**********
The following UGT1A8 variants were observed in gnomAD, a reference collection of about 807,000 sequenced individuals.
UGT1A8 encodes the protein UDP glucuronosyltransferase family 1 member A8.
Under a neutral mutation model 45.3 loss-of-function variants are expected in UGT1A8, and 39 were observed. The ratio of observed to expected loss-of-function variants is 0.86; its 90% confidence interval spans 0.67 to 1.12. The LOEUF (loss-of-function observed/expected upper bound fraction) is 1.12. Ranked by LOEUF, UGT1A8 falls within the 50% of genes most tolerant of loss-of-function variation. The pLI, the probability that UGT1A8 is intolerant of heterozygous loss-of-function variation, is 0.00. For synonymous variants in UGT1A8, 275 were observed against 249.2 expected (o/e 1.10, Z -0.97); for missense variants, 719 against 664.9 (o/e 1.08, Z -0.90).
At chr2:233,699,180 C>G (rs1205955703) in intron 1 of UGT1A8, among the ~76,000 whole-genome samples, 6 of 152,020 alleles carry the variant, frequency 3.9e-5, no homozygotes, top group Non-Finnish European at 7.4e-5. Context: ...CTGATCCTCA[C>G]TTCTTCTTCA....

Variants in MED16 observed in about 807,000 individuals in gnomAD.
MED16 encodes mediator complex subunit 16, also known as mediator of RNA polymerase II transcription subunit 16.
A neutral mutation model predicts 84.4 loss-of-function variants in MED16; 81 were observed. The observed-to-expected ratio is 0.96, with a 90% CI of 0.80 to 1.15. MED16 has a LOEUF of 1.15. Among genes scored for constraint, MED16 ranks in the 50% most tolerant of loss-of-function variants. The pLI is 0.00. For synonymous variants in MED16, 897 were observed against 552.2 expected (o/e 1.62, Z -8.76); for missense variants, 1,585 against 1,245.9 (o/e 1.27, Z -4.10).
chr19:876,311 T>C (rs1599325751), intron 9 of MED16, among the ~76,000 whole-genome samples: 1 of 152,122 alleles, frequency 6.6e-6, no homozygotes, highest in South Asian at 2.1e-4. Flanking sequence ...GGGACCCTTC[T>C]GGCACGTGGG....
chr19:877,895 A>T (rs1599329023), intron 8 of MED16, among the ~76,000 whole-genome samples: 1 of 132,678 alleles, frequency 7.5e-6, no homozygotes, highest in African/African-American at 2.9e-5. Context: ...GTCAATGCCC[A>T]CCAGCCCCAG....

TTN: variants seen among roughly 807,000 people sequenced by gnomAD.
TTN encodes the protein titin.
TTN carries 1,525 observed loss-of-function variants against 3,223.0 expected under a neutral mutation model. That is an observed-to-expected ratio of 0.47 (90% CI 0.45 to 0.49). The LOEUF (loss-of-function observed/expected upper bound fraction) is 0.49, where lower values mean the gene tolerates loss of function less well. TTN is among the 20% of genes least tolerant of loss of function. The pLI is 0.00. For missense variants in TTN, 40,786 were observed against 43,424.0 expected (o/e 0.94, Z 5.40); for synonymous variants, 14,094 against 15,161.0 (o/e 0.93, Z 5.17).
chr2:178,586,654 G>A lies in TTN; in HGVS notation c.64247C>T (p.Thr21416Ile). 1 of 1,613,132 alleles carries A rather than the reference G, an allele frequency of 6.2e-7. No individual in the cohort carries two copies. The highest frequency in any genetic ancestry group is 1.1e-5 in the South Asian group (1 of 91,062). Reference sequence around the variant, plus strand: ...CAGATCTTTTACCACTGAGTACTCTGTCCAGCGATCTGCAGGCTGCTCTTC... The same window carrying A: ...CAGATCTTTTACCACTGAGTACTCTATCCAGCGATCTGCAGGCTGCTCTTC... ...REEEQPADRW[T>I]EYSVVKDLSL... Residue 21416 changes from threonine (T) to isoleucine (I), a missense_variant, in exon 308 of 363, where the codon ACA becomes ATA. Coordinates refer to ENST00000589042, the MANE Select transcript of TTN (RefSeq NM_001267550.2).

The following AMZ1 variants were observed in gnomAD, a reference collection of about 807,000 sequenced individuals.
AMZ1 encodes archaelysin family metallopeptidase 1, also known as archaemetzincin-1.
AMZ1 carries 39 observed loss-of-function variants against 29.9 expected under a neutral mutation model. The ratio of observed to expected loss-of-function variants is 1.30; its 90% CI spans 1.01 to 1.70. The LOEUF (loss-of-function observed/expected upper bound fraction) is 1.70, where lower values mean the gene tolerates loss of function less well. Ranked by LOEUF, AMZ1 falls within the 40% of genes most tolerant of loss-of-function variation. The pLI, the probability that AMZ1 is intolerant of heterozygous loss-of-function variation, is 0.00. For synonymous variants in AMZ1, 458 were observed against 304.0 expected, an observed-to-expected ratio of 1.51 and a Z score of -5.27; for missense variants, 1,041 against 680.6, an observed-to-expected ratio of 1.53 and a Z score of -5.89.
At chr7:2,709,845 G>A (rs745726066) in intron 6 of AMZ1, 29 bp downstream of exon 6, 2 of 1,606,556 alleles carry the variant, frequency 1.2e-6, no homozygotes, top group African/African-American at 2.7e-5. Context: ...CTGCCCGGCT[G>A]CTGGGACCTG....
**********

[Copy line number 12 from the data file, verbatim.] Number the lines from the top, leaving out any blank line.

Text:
TTN carries 1,525 observed loss-of-function variants against 3,223.0 expected under a neutral mutation model. That is an observed-to-expected ratio of 0.47 (90% CI 0.45 to 0.49). The LOEUF (loss-of-function observed/expected upper bound fraction) is 0.49, where lower values mean the gene tolerates loss of function less well. TTN is among the 20% of genes least tolerant of loss of function. The pLI is 0.00. For missense variants in TTN, 40,786 were observed against 43,424.0 expected (o/e 0.94, Z 5.40); for synonymous variants, 14,094 against 15,161.0 (o/e 0.93, Z 5.17).